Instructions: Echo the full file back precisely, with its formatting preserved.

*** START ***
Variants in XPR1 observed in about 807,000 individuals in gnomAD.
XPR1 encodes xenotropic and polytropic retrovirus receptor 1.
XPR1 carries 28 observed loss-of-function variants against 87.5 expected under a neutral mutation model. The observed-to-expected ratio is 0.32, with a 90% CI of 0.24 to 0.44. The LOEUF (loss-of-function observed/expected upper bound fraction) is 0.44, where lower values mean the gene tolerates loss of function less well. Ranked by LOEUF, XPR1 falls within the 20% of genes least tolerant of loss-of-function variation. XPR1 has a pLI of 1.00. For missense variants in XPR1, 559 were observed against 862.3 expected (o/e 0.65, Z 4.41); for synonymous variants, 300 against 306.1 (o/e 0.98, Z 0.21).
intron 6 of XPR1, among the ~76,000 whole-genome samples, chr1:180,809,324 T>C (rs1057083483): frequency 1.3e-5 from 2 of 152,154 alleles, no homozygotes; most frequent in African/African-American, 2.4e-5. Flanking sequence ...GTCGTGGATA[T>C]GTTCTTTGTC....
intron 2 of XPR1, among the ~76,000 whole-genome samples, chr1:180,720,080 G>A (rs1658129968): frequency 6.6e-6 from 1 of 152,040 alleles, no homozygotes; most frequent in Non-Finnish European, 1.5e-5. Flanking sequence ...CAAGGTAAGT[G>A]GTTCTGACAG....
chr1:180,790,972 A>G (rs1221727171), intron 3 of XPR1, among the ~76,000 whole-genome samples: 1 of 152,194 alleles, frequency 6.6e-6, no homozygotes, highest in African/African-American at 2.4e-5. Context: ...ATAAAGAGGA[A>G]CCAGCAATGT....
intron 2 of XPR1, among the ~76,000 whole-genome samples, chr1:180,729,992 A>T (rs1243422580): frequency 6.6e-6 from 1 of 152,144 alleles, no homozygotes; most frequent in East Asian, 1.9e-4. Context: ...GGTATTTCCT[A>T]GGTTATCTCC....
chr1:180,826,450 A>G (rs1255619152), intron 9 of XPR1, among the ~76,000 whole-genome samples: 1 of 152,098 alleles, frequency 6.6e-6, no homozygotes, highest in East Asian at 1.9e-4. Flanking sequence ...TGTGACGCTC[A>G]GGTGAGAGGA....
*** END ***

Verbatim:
Variants in XPR1 observed in about 807,000 individuals in gnomAD.
XPR1 encodes xenotropic and polytropic retrovirus receptor 1.
XPR1 carries 28 observed loss-of-function variants against 87.5 expected under a neutral mutation model. The observed-to-expected ratio is 0.32, with a 90% CI of 0.24 to 0.44. The LOEUF (loss-of-function observed/expected upper bound fraction) is 0.44, where lower values mean the gene tolerates loss of function less well. Ranked by LOEUF, XPR1 falls within the 20% of genes least tolerant of loss-of-function variation. XPR1 has a pLI of 1.00. For missense variants in XPR1, 559 were observed against 862.3 expected (o/e 0.65, Z 4.41); for synonymous variants, 300 against 306.1 (o/e 0.98, Z 0.21).
intron 6 of XPR1, among the ~76,000 whole-genome samples, chr1:180,809,324 T>C (rs1057083483): frequency 1.3e-5 from 2 of 152,154 alleles, no homozygotes; most frequent in African/African-American, 2.4e-5. Flanking sequence ...GTCGTGGATA[T>C]GTTCTTTGTC....
intron 2 of XPR1, among the ~76,000 whole-genome samples, chr1:180,720,080 G>A (rs1658129968): frequency 6.6e-6 from 1 of 152,040 alleles, no homozygotes; most frequent in Non-Finnish European, 1.5e-5. Flanking sequence ...CAAGGTAAGT[G>A]GTTCTGACAG....
chr1:180,790,972 A>G (rs1221727171), intron 3 of XPR1, among the ~76,000 whole-genome samples: 1 of 152,194 alleles, frequency 6.6e-6, no homozygotes, highest in African/African-American at 2.4e-5. Context: ...ATAAAGAGGA[A>G]CCAGCAATGT....
intron 2 of XPR1, among the ~76,000 whole-genome samples, chr1:180,729,992 A>T (rs1243422580): frequency 6.6e-6 from 1 of 152,144 alleles, no homozygotes; most frequent in East Asian, 1.9e-4. Context: ...GGTATTTCCT[A>T]GGTTATCTCC....
chr1:180,826,450 A>G (rs1255619152), intron 9 of XPR1, among the ~76,000 whole-genome samples: 1 of 152,098 alleles, frequency 6.6e-6, no homozygotes, highest in East Asian at 1.9e-4. Flanking sequence ...TGTGACGCTC[A>G]GGTGAGAGGA....